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a) Headlines are not always complete sentences. Many headlines consist of noun phrases with
no verb:
E.g.: More wage cuts.

b) Headlines often contain strings of three, four or more nouns; nouns earlier in the string
modify those that follow:
E.g. Furniture factory pay cut row.

It sometimes help to read them backwards. A row (disagreement) about a cut (reduction) in
pay at a factory that makes furniture.

c) Headlines often leave out articles and the verb be.

E.g. Shakespeare play immoral, says Headmaster.
Woman walks on moon.

d) In headlines, simple tenses are often used instead of progressive or perfect forms. The
simple present is used for both present and past events.
E.g. Blind girl climbs Everest (- has climbed)
Students fight for course changes (- are fighting)

The present progressive can be used, especially to talk about changes. Be is usually dropped.
E.g. Britain getting warmer, say scientists.
Trade figures improving.

e) Many headline words are used as both nouns and verbs, and nouns are often used to modify
other nouns. Compare:
E.g. US cuts aid to Third World.
(The UD reduces its help cuts is a verb, aid is a noun)

Aid cuts row

(There has been a disagreement about the reduction in aid. Aid and cuts
are both nouns)

Cuts aid rebels

(The reduction is helping the revolutionaries. Cuts is a noun, aid is a

f) Headlines often use infinitives to refer to the future.

E.g. PM to visit Australia.
Hospitals to take fewer patients.

For is also used to refer to future movements or plans.

E.g. Troops for Glasgow? (- Are soldiers going to be sent to Glasgow?)

g) Auxiliary verbs are usually dropped from passive structures, leaving past participles.

E.g. Murder hunt: man held (- a man is being held by police)
Six killed in explosion (-Six people have been killed)

Note that forms like held, attacked are usually past participles with passive meanings, not past
tenses (which are rare in newspaper headlines)

Aid row: President attacked (- the President has been attacked)
Aid row: President attacks critics (-the President has attacked her critics)

Boy found safe (-The missing boy has been found safe)
Boy finds safe (-A boy has found a safe)

h) A colon (:) is often used to separate the subject of a headline from what is said about it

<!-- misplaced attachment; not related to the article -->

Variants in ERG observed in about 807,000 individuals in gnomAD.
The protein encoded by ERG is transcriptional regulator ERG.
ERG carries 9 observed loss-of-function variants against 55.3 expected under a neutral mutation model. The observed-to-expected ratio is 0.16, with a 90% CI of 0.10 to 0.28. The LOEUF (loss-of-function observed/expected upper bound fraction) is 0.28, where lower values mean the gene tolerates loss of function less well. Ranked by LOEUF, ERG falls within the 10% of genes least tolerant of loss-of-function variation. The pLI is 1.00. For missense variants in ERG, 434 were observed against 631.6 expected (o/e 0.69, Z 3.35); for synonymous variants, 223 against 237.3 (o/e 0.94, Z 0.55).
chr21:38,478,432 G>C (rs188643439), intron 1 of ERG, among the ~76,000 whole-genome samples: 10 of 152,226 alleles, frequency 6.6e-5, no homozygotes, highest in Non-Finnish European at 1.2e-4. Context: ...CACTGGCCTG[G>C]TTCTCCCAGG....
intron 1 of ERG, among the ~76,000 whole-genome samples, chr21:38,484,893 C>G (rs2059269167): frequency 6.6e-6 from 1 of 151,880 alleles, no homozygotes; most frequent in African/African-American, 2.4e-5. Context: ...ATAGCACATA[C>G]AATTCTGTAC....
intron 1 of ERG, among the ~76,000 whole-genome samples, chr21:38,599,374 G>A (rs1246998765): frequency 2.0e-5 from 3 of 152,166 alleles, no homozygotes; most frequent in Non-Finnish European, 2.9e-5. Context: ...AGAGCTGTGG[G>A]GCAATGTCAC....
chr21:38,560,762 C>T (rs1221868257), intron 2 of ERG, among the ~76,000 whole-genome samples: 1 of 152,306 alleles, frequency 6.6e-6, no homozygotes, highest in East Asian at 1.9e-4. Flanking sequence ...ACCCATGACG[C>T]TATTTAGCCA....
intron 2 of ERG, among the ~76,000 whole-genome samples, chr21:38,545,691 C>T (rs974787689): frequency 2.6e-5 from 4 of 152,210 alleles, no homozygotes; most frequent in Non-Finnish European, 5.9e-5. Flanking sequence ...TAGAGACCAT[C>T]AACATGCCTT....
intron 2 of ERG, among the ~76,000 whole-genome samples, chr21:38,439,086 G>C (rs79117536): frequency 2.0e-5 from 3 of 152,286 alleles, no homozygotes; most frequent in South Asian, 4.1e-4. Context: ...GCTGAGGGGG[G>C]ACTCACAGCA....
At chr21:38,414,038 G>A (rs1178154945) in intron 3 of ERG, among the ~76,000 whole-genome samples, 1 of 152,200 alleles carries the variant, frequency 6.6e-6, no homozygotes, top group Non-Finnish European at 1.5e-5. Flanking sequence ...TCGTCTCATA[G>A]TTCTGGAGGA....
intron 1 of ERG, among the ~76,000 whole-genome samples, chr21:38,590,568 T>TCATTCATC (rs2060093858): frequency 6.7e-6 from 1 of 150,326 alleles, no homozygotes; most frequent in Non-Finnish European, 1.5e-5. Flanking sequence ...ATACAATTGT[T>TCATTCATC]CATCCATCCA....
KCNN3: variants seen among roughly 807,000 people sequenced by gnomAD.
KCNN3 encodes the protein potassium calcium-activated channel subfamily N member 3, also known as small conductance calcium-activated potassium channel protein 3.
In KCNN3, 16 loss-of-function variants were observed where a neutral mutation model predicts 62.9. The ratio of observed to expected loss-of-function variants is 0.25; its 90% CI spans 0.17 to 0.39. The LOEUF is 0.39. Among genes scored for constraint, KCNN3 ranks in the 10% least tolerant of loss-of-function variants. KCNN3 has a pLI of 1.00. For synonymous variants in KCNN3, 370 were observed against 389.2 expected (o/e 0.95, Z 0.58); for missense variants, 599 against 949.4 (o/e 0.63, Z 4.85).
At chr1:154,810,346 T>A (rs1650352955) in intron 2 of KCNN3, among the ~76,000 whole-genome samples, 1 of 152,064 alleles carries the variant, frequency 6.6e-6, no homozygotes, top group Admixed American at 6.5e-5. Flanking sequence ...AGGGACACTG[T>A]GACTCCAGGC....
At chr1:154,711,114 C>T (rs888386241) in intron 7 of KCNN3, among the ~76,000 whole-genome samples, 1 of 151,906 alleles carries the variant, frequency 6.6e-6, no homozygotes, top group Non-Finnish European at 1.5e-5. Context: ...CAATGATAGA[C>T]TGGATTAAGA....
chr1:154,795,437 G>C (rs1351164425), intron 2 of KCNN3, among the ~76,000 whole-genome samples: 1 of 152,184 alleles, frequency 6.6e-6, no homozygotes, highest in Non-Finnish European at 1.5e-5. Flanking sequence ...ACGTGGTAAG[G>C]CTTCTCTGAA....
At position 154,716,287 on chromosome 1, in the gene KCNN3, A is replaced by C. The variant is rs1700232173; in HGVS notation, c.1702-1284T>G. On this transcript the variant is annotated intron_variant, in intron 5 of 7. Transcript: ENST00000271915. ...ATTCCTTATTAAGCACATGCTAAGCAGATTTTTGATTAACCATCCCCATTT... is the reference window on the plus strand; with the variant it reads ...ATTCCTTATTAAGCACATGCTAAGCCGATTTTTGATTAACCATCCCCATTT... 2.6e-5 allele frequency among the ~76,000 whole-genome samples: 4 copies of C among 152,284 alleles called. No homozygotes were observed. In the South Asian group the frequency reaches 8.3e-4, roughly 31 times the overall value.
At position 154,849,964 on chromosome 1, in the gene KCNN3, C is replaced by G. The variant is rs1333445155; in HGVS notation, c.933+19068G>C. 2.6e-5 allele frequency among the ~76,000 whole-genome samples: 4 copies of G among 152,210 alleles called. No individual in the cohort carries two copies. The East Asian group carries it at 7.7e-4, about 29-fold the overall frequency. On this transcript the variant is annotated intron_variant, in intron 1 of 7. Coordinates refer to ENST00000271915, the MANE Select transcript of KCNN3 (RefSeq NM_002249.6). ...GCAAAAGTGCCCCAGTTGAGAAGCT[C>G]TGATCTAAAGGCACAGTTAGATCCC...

E.g. Motorway crash: Death toll rises

Quotation marks () are used to show that words were said by somebody else, and that
the newspaper does not necessarily claim that they are true.
E.g. Crash driver had been drinking

A question mark (?) is often used when something is not certain

E.g. Crisis over by September?


The Telegraph

General election result: Everything you need to know this morning

9 JUNE 2017 9:39AM


Britain was facing political turmoil this morning after Theresa Mays election gamble
backfired, putting her Brexit plans in chaos as the Conservative majority was predicted to
be wiped out.
With more than 500 results counted, Labour was taking constituencies from the Tories all
over the country, with the Conservatives forecast to take 318 seats down 13 and Labour
expected to gain 35 seats to put it on 267. The vote meant a hung parliament was the most
likely outcome.
It left Mrs Mays premiership in serious doubt and raised the possibility of Jeremy Corbyn in
Downing Street leading a minority government the coalition of chaos of which Mrs May
had persistently warned.
Mrs May was determined to fight on this morning, though she appeared to concede she would
have to lead a coalition rather than a majority government.
She said: At this time, more than anything else, this country needs a period of stability and if
the Conservative Party has won the most seats then it would be incumbent on us to ensure
that we have that.
She said her resolve to lead the country through Brexit is the same this morning as it has
always been.

But senior Tories cast doubt on whether Mrs May would still be Prime Minister by the end of
today. Asked if she would survive the day, Sir Craig Oliver, David Camerons former
director of communications, said: Its certainly looking increasingly difficult.
Boris Johnsons odds of being the next prime minister were slashed from 66/1 before polls
closed to 5/1.
Brexit negotiations, due to begin in 10 days, would have to be postponed if neither party is
able to form a government, and senior Conservatives suggested another election might now
have to be called. The result was being watched almost as keenly in Brussels as it was in the
Mrs May called the election hoping to strengthen her hand in Brexit talks, but her authority
would be hugely weakened if the predicted result proves correct.
Mrs May would be unable to form a coalition without the support of the Democratic Unionist
Party, but this morning DUP leader Arlene Foster said she did not favour a hard Brexit an
indication of the upheaval to come.
Mr Corbyn said Mrs Mays mandate is lost votes and lost support ... and I would have
thought that was enough to go. By the early hours, Conservative losses were racking up, with
ministers among those losing their seats.
Ben Gummer, the Cabinet Office minister who helped write the manifesto, lost to Labour in
Jane Ellison, the Financial Secretary to the Treasury, was beaten by Labour in Battersea,
forfeiting what had seemed a safe majority of 7,938. Amber Rudd, the Home Secretary, faced
a recount in her seat in Hastings and Rye, where she had a 4,796 majority. She eventually